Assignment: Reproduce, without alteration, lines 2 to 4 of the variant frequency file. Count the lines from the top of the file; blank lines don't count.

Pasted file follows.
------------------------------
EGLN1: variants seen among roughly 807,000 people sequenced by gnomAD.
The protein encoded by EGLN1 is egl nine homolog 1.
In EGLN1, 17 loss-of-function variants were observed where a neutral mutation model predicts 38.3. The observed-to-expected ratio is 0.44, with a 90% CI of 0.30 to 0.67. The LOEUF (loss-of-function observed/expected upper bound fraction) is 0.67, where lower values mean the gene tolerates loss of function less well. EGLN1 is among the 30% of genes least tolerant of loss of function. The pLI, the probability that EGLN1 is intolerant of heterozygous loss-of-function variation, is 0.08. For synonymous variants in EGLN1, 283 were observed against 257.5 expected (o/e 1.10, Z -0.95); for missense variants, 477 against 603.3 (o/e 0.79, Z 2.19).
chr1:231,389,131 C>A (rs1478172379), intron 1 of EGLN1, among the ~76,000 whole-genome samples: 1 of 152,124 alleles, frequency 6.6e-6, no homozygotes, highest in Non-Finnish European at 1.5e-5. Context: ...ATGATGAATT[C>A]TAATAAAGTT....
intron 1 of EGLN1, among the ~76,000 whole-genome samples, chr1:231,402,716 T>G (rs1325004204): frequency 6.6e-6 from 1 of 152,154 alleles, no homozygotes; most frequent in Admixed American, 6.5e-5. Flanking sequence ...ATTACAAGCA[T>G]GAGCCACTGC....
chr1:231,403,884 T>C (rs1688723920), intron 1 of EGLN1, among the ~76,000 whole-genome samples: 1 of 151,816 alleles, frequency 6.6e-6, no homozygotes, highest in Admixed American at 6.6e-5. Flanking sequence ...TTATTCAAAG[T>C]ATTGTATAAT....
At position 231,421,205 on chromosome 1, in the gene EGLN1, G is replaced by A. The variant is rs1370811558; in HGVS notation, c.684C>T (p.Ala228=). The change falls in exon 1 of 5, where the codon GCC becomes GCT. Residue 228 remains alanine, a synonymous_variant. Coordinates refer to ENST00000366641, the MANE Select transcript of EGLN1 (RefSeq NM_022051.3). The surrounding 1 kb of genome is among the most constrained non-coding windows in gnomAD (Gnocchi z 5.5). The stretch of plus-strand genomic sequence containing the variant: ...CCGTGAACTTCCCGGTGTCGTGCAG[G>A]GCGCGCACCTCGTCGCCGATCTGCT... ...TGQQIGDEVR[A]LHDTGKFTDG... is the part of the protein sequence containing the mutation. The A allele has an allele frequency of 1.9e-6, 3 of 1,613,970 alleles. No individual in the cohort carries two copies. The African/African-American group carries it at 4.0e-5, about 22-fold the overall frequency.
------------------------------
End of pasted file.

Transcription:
The protein encoded by EGLN1 is egl nine homolog 1.
In EGLN1, 17 loss-of-function variants were observed where a neutral mutation model predicts 38.3. The observed-to-expected ratio is 0.44, with a 90% CI of 0.30 to 0.67. The LOEUF (loss-of-function observed/expected upper bound fraction) is 0.67, where lower values mean the gene tolerates loss of function less well. EGLN1 is among the 30% of genes least tolerant of loss of function. The pLI, the probability that EGLN1 is intolerant of heterozygous loss-of-function variation, is 0.08. For synonymous variants in EGLN1, 283 were observed against 257.5 expected (o/e 1.10, Z -0.95); for missense variants, 477 against 603.3 (o/e 0.79, Z 2.19).
chr1:231,389,131 C>A (rs1478172379), intron 1 of EGLN1, among the ~76,000 whole-genome samples: 1 of 152,124 alleles, frequency 6.6e-6, no homozygotes, highest in Non-Finnish European at 1.5e-5. Context: ...ATGATGAATT[C>A]TAATAAAGTT....